|Country of origin||United Kingdom|
|Key people||Colin Traver, Mick Anglo, Len Miller, Colin Andrew|
|Publication types||Comic magazines|
|Fiction genres||Superheroes, Westerns, Horror/suspense, Adventure|
L. Miller & Son, Ltd. was a British publisher of magazines, comic books, and pulp fiction intended primarily to take advantage of the British ban on importing printed matter. Between 1943 and 1966, the firm published British editions of many American comic books, primarily those of Fawcett Comics. They are best known for the 1954 creation of Marvelman — a blatant imitation of the Golden Age Captain Marvel — after America's Fawcett Publications capitulated to National Periodicals (DC Comics). (The two companies had fought a long legal battle in which National claimed Captain Marvel infringed on Superman's copyright.) L. Miller & Son also published a large line of Western comics, many reprints but also some original titles.
The company was founded in 1943 by book publisher Arnold Miller and his son Leonard Miller. They started out in 1945 publishing black-and-white reprints of the Fawcett Comics Marvel Family titles, including Captain Marvel Adventures Captain Marvel Jr., The Marvel Family, and Whiz Comics.
Throughout the 1950s L. Miller & Son also published a large line of Western comics. L. Miller & Son's original Western titles, which they started producing in 1954, included Colorado Kid, Davy Crockett, Kid Dynamite Western Comic, Pancho Villa Western Comic, and Rocky Mountain King Western Comic. Some of the longer-running Western reprint titles included Gabby Hayes Western, Hopalong Cassidy Comic, Lash Larue Western, Monte Hale Western, Rocky Lane Western, Six-Gun Heroes, and Western Hero.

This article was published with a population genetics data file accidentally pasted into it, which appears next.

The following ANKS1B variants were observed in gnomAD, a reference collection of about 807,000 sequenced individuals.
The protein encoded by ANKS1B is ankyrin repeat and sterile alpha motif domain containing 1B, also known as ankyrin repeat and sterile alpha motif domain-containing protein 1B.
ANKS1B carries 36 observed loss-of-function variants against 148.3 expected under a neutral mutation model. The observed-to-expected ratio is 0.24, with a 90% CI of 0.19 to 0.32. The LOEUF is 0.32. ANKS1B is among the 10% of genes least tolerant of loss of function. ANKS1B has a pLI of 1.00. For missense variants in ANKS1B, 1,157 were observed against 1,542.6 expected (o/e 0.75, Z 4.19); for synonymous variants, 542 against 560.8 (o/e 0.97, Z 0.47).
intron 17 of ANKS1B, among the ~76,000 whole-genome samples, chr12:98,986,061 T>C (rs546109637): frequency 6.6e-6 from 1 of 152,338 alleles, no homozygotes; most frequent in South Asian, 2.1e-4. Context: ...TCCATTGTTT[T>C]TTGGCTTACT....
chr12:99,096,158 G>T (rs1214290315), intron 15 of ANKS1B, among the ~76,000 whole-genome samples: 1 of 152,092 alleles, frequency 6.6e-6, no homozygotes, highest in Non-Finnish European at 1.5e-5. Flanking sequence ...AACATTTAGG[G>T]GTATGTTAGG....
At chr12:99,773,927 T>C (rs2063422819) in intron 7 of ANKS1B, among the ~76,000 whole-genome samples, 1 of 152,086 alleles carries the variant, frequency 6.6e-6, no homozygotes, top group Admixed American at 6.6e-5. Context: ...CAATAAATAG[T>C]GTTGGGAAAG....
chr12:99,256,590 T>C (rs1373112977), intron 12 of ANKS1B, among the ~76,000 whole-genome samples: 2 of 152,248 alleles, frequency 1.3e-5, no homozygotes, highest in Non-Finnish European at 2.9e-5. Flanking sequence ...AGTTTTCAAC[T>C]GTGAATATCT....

In 1954, after the National Comics Publications v. Fawcett Publications decision, L. Miller & Son was forced to cancel their line of "Marvel" titles (though the company continued to published Whiz Comics minus any Marvel Family stories). Faced with the sudden loss of their star feature, and operating under different copyright laws, the company turned to Mick Anglo to come up with a replacement character that, while ostensibly a new creation, mimicked enough core elements of Captain Marvel to retain the interest of readers who had enjoyed the reprints. Anglo (along with writer Len Miller) created Marvelman. Captain Marvel, Jr., was adapted to create Young Marvelman, and Mary Marvel had her gender changed to create the male Kid Marvelman. The magic word "Shazam!" was replaced with "Kimota" ("Atomik" backwards). Using the "new" characters, the company launched three titles, Marvelman, Marvelman Family, and Young Marvelman.
By the end of the 1950s, L. Miller & Son had cancelled all their Western titles. In 1959, with demand for British-produced comics shrinking, Miller cancelled Marvelman Family and turned both Marvelman and Young Marvelman into reprint books. The titles struggled on, each putting out 346 issues, but were finally cancelled in 1963.
Starting in 1961, the company moved into the horror/suspense genre with two new titles, Mystic and Spellbound, both of which culled pre-Comics Code material from American publishers like Atlas, Marvel Comics, American Comics Group, Charlton, and E.C. Comics.
L. Miller & Son Ltd. ceased comic book publication in 1966. The physical asbestos printing plates from which Miller had produced their comics, and presumably the rights to the comics as well, were sold to Alan Class, Ltd.. Class, for his part, was interested primarily in horror and science fiction stories and reprinted few of the original Miller creations. (Class was still using some of the Miller printing plates as recently as the late 1990s.)
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